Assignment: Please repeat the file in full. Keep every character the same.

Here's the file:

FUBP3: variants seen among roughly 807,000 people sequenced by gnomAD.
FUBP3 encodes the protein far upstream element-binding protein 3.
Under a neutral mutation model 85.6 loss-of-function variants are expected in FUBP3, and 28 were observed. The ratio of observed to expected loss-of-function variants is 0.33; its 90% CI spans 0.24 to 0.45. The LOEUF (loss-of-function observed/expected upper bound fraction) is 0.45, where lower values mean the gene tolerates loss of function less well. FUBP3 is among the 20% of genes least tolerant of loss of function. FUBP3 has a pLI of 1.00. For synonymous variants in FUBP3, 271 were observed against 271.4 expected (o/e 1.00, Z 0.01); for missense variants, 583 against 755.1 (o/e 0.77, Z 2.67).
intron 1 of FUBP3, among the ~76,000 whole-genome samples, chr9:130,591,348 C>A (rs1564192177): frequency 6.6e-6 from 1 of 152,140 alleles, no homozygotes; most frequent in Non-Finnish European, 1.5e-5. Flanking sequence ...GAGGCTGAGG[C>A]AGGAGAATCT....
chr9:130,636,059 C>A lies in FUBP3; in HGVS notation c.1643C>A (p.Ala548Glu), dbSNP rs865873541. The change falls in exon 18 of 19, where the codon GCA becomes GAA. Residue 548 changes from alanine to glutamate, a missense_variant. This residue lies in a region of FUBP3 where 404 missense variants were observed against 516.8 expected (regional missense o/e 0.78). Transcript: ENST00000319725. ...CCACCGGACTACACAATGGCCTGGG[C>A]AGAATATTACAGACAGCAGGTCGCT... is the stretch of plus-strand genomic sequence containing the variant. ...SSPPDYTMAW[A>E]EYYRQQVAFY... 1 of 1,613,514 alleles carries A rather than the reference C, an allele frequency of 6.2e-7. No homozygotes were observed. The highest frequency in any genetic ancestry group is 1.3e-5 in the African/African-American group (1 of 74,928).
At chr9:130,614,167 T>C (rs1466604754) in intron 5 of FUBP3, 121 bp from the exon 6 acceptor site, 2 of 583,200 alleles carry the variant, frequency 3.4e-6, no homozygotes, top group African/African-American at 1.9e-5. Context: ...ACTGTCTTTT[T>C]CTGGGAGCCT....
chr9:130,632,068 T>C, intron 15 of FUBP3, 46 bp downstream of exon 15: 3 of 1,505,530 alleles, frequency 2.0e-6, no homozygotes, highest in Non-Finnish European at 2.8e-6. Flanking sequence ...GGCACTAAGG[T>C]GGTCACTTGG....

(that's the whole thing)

FUBP3: variants seen among roughly 807,000 people sequenced by gnomAD.
FUBP3 encodes the protein far upstream element-binding protein 3.
Under a neutral mutation model 85.6 loss-of-function variants are expected in FUBP3, and 28 were observed. The ratio of observed to expected loss-of-function variants is 0.33; its 90% CI spans 0.24 to 0.45. The LOEUF (loss-of-function observed/expected upper bound fraction) is 0.45, where lower values mean the gene tolerates loss of function less well. FUBP3 is among the 20% of genes least tolerant of loss of function. FUBP3 has a pLI of 1.00. For synonymous variants in FUBP3, 271 were observed against 271.4 expected (o/e 1.00, Z 0.01); for missense variants, 583 against 755.1 (o/e 0.77, Z 2.67).
intron 1 of FUBP3, among the ~76,000 whole-genome samples, chr9:130,591,348 C>A (rs1564192177): frequency 6.6e-6 from 1 of 152,140 alleles, no homozygotes; most frequent in Non-Finnish European, 1.5e-5. Flanking sequence ...GAGGCTGAGG[C>A]AGGAGAATCT....
chr9:130,636,059 C>A lies in FUBP3; in HGVS notation c.1643C>A (p.Ala548Glu), dbSNP rs865873541. The change falls in exon 18 of 19, where the codon GCA becomes GAA. Residue 548 changes from alanine to glutamate, a missense_variant. This residue lies in a region of FUBP3 where 404 missense variants were observed against 516.8 expected (regional missense o/e 0.78). Transcript: ENST00000319725. ...CCACCGGACTACACAATGGCCTGGG[C>A]AGAATATTACAGACAGCAGGTCGCT... is the stretch of plus-strand genomic sequence containing the variant. ...SSPPDYTMAW[A>E]EYYRQQVAFY... 1 of 1,613,514 alleles carries A rather than the reference C, an allele frequency of 6.2e-7. No homozygotes were observed. The highest frequency in any genetic ancestry group is 1.3e-5 in the African/African-American group (1 of 74,928).
At chr9:130,614,167 T>C (rs1466604754) in intron 5 of FUBP3, 121 bp from the exon 6 acceptor site, 2 of 583,200 alleles carry the variant, frequency 3.4e-6, no homozygotes, top group African/African-American at 1.9e-5. Context: ...ACTGTCTTTT[T>C]CTGGGAGCCT....
chr9:130,632,068 T>C, intron 15 of FUBP3, 46 bp downstream of exon 15: 3 of 1,505,530 alleles, frequency 2.0e-6, no homozygotes, highest in Non-Finnish European at 2.8e-6. Flanking sequence ...GGCACTAAGG[T>C]GGTCACTTGG....